TOKYO — Japan’s economy expanded 1.0 per cent in 2016 as a bump in exports and capital investment offset weak spending at home, data showed on Monday, although it was unlikely to erase concerns about Tokyo’s faltering war on deflation.
The gross domestic product (GDP) data showed four consecutive quarters of growth -- the longest expansion since 2013 -- but the annual figure was lower than the 1.2 per cent growth registered in 2015, according to the Cabinet Office.
Government spending measures and a drop in the yen were key growth drivers, even as Japanese consumers kept a tight lid on spending.
"This is really an export-driven recovery we’re talking about," said Izumi Devalier, chief economist at Merrill Lynch Japan Securities.
"Private consumption has been pretty weak still, and unless we get private consumption fired up, it’s hard to see growth accelerating very strongly from here."
Japan’s once-booming economy has suffered from years of deflation, which can discourage spending by consumers as they postpone purchases until prices drop further or just save their money, creating further pressure on businesses.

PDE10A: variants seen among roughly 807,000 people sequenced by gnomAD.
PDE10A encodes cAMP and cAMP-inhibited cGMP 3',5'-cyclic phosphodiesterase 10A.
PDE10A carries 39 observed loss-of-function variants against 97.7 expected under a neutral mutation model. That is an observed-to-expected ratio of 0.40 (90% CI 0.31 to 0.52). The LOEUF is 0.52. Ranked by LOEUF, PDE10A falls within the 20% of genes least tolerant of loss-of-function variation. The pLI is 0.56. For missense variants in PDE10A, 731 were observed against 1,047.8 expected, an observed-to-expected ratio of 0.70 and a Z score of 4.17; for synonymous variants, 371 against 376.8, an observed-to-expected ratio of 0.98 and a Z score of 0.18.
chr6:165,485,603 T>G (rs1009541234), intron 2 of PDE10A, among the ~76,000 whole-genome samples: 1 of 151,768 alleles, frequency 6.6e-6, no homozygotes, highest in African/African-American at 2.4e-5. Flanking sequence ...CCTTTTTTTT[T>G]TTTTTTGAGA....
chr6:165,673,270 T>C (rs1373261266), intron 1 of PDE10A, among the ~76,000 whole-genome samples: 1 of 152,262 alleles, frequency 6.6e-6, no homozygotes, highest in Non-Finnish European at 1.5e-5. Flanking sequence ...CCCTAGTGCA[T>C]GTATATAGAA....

Doubts have been growing over Japanese leader Shinzo Abe’s "Abenomics" – a mix of massive monetary easing, government spending and red-tape slashing -- with growth still fragile and inflation well below target.
But exporters have benefited from the fall of the yen -- which boosts their profitability -- since Donald Trump’s November US presidential election victory.
The yen has lost about 10 per cent of its value against the dollar since the poll as traders bet Trump’s planned infrastructure spending and tax-cuts will drive growth in the world’s top economy and perk up inflation, in turn pressuring the US central bank to ramp up interest rates.
During the fourth quarter, Japan’s exports grew 2.6 per cent, building on an expansion in the previous three months.
Businesses appeared to be feeling more confident as capital spending grew 0.9 per cent, reversing a decline in the previous quarter.
"In the latter half of 2017, the growth rate is likely to pick up pace," Takuji Aida, Tokyo-based chief economist at Societe Generale, said in a commentary.
But private spending, which accounts for more than a half of Japan’s GDP, declined as the weaker yen boosts the cost of imports, which threatens to put a further squeeze on spending, said Marcel Thieliant at Capital Economics.
"We expect the yen to weaken further towards 130 by the end of this year, which will result in a surge in prices of imported goods and undermine households’ purchasing power," he said.
The dollar was buying 113.91 yen in Asian trading on Monday morning. Meanwhile, Trump’s protectionist rhetoric has raised concerns about Japan’s economic prospects.
Trump has previously accused Japan of devaluing the yen to boost exports, grouping it with other countries which he says are taking "advantage" of the United States.
But the new US president dropped his previously harsh rhetoric towards Tokyo in a cordial summit with Abe over the weekend. — AFP